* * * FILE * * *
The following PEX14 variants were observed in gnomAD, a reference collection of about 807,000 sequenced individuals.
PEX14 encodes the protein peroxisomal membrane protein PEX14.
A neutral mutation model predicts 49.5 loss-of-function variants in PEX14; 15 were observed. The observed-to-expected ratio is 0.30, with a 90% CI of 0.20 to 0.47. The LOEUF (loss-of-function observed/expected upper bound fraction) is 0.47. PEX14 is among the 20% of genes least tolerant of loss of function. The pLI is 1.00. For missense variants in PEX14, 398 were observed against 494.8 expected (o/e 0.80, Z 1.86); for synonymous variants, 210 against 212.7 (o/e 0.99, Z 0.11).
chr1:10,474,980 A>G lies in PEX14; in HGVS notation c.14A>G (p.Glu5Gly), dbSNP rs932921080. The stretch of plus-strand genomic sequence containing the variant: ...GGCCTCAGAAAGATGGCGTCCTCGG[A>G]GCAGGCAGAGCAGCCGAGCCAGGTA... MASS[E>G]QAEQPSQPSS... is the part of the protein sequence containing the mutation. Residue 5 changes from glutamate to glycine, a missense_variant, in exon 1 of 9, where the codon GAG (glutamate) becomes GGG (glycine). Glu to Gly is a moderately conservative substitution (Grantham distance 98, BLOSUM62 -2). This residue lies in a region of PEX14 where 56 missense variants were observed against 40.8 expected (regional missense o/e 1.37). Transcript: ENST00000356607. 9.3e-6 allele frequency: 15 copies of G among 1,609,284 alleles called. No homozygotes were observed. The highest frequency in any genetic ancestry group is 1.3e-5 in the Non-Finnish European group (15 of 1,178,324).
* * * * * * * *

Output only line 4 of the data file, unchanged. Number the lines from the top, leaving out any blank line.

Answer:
chr1:10,474,980 A>G lies in PEX14; in HGVS notation c.14A>G (p.Glu5Gly), dbSNP rs932921080. The stretch of plus-strand genomic sequence containing the variant: ...GGCCTCAGAAAGATGGCGTCCTCGG[A>G]GCAGGCAGAGCAGCCGAGCCAGGTA... MASS[E>G]QAEQPSQPSS... is the part of the protein sequence containing the mutation. Residue 5 changes from glutamate to glycine, a missense_variant, in exon 1 of 9, where the codon GAG (glutamate) becomes GGG (glycine). Glu to Gly is a moderately conservative substitution (Grantham distance 98, BLOSUM62 -2). This residue lies in a region of PEX14 where 56 missense variants were observed against 40.8 expected (regional missense o/e 1.37). Transcript: ENST00000356607. 9.3e-6 allele frequency: 15 copies of G among 1,609,284 alleles called. No homozygotes were observed. The highest frequency in any genetic ancestry group is 1.3e-5 in the Non-Finnish European group (15 of 1,178,324).